Joe Biden nominates Los Angeles Mayor Garcetti as Ambassador to India

If confirmed by the Senate, Mr. Garcetti, 50, would replace Kenneth Juster.

July 10, 2021 01:13 am | Updated November 22, 2021 10:06 pm IST - Washington

U.S. President Joe Biden on July 9, 2021 nominated Los Angeles Mayor Eric Garcetti as his ambassador to India. File

U.S. President Joe Biden on July 9, 2021 nominated Los Angeles Mayor Eric Garcetti as his ambassador to India. File

U.S. President Joe Biden, on Friday, nominated Los Angeles Mayor Eric Garcetti to the post of Ambassador to India. Mr Garcetti’s nomination,  which had been expected for weeks , was announced by the White House as part of a set of ambassadorial nominations. 

Mr Garcetti, 50, who has been mayor of Los Angeles since 2013, is  a former intelligence officer from the U.S. Navy and a Rhodes Scholar. He also served on the California board of Human Rights Watch, a rights advocacy organisation that has frequently criticized the Indian government’s rights record.

Mr Garcetti released a statement saying he was honoured to accept the nomination and would “forge partnerships and connections that will help strengthen Los Angeles’ place on the world stage.” If confirmed by the U.S. Senate, Mr Garcetti will replace Kenneth Juster, a Trump appointee who was Ambassador to India  until January. The U.S. Embassy in New Delhi is currently being run by interim Chargé d'affaires Atul Keshap, a South Asia hand and senior career diplomat.

Mr Garcetti’s  closeness to Mr Biden is seen as a key factor in his  nomination. Having someone in New Delhi who “can call Joe” is  important to both New Delhi and Washington.

“We are excited that President Biden has nominated a reputed leader who has proven himself on several fronts,” said M.R Rangaswami, a Silicon Valley-based investor, who runs a diaspora organisation called Indiaspora.  “It speaks volumes to the importance of the U.S.-India relationship that a close and trusted ally of President Biden may be America’s point person in Delhi.”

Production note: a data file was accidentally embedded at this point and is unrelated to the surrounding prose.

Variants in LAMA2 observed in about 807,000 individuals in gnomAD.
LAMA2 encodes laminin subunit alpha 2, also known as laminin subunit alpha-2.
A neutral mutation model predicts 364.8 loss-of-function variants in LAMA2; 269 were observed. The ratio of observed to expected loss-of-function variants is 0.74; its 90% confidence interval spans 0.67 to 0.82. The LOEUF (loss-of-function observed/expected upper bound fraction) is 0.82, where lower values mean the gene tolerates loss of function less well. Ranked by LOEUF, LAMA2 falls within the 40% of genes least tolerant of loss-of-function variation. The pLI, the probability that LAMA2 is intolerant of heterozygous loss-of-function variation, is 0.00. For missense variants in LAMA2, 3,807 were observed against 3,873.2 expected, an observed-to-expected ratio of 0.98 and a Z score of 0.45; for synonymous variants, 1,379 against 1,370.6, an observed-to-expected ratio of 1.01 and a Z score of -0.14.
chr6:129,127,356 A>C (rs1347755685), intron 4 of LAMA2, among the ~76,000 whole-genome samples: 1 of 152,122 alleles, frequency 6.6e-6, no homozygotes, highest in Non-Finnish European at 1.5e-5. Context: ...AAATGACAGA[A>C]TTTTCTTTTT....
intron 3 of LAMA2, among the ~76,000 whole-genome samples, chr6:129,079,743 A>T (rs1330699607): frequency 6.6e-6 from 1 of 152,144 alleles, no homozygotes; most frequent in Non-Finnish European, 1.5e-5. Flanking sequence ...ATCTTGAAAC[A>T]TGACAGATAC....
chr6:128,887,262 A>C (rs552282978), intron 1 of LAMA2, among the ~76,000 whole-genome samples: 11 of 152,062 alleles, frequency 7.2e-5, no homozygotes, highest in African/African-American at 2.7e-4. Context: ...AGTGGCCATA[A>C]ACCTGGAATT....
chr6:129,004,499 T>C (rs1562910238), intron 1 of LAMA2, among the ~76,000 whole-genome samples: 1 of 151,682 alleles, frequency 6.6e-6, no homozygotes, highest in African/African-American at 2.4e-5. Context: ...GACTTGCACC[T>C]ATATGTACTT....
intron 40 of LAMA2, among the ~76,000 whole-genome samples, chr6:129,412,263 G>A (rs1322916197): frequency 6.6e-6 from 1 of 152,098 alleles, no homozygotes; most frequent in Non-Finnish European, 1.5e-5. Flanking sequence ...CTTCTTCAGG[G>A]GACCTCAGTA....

The India- U.S. relationship has strong support on both sides of the aisle in Washington, although it is not without its critics, particularly with regard to the Modi government’s record on democratic processes and minority rights.  As India experienced its second wave of COVID-19 earlier this summer, the U.S. government, private sector and individuals contributed over $ 500 million in assistance according to U.S. government estimates. The defence and security dimensions of the relationship have also been growing. While bilateral trade has been growing between the two countries, the trading relationship has had challenges, especially around data flows, agricultural commodities and preferential trade status for India.

The two countries have sought to develop their relationship via multilateral forums (such as the United Nations Security Council) as well as smaller ‘plurilateral’ groupings such as the Quad – India, the U.S., Japan and Australia. Plans are in the works for a summit level in-person meeting of the Quad - likely to be held in Washington this autumn.

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